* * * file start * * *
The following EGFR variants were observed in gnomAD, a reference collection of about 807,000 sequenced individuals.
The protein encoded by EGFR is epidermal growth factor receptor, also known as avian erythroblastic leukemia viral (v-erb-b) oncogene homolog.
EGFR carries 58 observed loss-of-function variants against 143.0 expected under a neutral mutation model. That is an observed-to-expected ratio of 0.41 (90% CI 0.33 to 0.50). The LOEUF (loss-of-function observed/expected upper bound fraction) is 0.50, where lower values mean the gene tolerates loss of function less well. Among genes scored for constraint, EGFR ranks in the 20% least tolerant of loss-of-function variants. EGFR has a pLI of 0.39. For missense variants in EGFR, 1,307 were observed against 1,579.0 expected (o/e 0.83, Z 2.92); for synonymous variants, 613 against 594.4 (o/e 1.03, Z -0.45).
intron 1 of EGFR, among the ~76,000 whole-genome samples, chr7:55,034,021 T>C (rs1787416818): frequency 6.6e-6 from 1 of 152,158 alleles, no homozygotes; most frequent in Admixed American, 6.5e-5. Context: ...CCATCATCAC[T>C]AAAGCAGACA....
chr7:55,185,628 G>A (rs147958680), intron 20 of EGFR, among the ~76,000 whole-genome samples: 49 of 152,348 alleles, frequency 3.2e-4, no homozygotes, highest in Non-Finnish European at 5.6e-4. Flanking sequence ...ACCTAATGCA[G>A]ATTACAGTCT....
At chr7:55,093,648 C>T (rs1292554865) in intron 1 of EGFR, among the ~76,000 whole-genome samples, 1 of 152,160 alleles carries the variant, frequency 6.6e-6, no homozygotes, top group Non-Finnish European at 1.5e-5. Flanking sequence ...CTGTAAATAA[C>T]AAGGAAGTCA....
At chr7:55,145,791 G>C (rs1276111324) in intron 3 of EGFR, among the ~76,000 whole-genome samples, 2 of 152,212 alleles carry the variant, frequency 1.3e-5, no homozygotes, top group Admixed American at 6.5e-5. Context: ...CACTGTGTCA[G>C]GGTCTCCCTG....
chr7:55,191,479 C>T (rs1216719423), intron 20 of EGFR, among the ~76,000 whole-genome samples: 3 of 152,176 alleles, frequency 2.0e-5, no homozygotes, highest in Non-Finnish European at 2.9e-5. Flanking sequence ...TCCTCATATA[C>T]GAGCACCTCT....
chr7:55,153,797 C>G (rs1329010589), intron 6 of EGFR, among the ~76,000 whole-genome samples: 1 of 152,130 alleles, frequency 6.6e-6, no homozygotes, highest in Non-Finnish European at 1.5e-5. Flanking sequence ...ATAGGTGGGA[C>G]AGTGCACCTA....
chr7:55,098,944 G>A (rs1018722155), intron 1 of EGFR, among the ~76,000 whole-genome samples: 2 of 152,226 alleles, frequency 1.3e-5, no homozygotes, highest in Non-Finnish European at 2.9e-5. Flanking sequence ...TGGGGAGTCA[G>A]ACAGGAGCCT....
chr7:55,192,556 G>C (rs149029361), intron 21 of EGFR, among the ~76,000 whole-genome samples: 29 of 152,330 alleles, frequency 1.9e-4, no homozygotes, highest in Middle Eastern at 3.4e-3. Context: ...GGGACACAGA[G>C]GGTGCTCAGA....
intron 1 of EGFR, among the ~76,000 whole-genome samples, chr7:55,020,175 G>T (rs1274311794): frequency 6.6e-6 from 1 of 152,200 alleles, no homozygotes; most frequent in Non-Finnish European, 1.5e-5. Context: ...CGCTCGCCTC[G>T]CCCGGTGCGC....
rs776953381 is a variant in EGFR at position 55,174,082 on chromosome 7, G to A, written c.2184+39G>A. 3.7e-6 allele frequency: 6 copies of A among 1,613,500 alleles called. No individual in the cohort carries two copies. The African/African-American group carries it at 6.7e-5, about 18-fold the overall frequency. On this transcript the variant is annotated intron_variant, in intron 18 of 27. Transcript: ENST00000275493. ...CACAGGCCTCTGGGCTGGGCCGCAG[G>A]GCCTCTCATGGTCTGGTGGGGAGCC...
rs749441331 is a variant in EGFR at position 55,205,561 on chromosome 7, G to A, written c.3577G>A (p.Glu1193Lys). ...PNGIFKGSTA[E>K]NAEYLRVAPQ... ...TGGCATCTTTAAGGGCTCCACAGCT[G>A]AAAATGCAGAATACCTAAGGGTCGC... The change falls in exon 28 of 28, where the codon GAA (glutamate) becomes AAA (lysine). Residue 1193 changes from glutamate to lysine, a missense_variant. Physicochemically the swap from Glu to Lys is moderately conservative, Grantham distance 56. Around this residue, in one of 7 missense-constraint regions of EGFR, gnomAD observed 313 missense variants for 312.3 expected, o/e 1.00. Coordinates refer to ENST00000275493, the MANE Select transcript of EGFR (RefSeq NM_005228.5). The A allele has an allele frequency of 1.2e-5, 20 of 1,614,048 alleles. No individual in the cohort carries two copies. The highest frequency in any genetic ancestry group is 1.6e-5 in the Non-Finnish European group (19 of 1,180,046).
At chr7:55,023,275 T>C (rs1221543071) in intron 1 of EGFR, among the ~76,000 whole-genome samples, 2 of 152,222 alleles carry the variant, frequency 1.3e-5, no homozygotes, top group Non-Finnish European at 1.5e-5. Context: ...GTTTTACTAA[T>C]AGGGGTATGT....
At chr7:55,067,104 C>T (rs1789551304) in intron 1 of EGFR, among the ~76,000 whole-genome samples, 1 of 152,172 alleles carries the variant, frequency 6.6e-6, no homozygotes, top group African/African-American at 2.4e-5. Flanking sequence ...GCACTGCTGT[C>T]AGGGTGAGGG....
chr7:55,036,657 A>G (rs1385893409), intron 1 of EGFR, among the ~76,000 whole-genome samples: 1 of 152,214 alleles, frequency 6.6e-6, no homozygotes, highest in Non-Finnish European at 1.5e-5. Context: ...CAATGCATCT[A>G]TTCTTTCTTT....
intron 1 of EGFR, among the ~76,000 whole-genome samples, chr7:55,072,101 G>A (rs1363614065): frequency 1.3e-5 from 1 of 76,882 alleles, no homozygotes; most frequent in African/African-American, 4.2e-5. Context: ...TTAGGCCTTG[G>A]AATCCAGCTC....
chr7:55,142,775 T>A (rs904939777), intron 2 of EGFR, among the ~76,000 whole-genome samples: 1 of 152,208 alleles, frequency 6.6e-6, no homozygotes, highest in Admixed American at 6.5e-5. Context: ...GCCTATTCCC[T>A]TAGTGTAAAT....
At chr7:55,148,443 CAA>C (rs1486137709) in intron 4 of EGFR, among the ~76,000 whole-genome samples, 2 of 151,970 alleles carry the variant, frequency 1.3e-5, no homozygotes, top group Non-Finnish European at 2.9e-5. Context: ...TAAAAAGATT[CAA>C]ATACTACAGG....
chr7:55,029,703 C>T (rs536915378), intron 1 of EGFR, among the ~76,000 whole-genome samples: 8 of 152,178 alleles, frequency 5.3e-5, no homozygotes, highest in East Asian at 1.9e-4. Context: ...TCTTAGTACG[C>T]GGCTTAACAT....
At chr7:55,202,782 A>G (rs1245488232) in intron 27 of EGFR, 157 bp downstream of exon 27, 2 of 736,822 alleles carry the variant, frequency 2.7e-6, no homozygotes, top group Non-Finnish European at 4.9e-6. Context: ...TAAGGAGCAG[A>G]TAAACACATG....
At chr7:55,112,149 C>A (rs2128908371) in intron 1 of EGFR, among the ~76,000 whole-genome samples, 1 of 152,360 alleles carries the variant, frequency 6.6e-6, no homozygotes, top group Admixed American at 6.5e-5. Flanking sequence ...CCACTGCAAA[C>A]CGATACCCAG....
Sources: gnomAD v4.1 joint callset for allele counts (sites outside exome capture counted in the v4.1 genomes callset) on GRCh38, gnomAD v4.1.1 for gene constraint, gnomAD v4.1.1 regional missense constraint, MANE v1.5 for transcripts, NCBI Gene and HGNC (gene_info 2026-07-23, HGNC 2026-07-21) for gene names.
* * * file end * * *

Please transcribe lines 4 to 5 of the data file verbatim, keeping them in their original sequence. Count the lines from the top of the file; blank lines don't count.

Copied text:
intron 1 of EGFR, among the ~76,000 whole-genome samples, chr7:55,034,021 T>C (rs1787416818): frequency 6.6e-6 from 1 of 152,158 alleles, no homozygotes; most frequent in Admixed American, 6.5e-5. Context: ...CCATCATCAC[T>C]AAAGCAGACA....
chr7:55,185,628 G>A (rs147958680), intron 20 of EGFR, among the ~76,000 whole-genome samples: 49 of 152,348 alleles, frequency 3.2e-4, no homozygotes, highest in Non-Finnish European at 5.6e-4. Flanking sequence ...ACCTAATGCA[G>A]ATTACAGTCT....